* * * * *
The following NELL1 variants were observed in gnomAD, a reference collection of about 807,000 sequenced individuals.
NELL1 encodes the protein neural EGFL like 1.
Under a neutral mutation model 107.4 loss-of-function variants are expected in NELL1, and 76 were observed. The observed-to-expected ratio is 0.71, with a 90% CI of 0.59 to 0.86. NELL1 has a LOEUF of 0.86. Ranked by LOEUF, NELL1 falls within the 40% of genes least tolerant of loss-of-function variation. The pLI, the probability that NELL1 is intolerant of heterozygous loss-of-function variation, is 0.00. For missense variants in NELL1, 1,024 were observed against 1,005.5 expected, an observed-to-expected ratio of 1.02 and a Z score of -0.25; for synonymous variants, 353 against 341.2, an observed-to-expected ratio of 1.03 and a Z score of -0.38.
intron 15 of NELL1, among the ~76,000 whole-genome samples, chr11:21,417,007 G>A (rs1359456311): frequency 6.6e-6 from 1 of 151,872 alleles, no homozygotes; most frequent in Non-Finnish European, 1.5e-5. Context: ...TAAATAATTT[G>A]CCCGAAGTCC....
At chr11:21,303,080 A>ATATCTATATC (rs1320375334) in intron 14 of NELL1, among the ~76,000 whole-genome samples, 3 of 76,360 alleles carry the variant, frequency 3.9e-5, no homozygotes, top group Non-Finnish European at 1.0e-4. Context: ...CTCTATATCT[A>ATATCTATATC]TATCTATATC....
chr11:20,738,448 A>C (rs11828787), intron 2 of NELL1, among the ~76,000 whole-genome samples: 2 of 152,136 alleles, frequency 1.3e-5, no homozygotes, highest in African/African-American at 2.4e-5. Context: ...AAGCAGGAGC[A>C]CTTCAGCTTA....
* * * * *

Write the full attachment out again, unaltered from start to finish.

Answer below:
The following NELL1 variants were observed in gnomAD, a reference collection of about 807,000 sequenced individuals.
NELL1 encodes the protein neural EGFL like 1.
Under a neutral mutation model 107.4 loss-of-function variants are expected in NELL1, and 76 were observed. The observed-to-expected ratio is 0.71, with a 90% CI of 0.59 to 0.86. NELL1 has a LOEUF of 0.86. Ranked by LOEUF, NELL1 falls within the 40% of genes least tolerant of loss-of-function variation. The pLI, the probability that NELL1 is intolerant of heterozygous loss-of-function variation, is 0.00. For missense variants in NELL1, 1,024 were observed against 1,005.5 expected, an observed-to-expected ratio of 1.02 and a Z score of -0.25; for synonymous variants, 353 against 341.2, an observed-to-expected ratio of 1.03 and a Z score of -0.38.
intron 15 of NELL1, among the ~76,000 whole-genome samples, chr11:21,417,007 G>A (rs1359456311): frequency 6.6e-6 from 1 of 151,872 alleles, no homozygotes; most frequent in Non-Finnish European, 1.5e-5. Context: ...TAAATAATTT[G>A]CCCGAAGTCC....
At chr11:21,303,080 A>ATATCTATATC (rs1320375334) in intron 14 of NELL1, among the ~76,000 whole-genome samples, 3 of 76,360 alleles carry the variant, frequency 3.9e-5, no homozygotes, top group Non-Finnish European at 1.0e-4. Context: ...CTCTATATCT[A>ATATCTATATC]TATCTATATC....
chr11:20,738,448 A>C (rs11828787), intron 2 of NELL1, among the ~76,000 whole-genome samples: 2 of 152,136 alleles, frequency 1.3e-5, no homozygotes, highest in African/African-American at 2.4e-5. Context: ...AAGCAGGAGC[A>C]CTTCAGCTTA....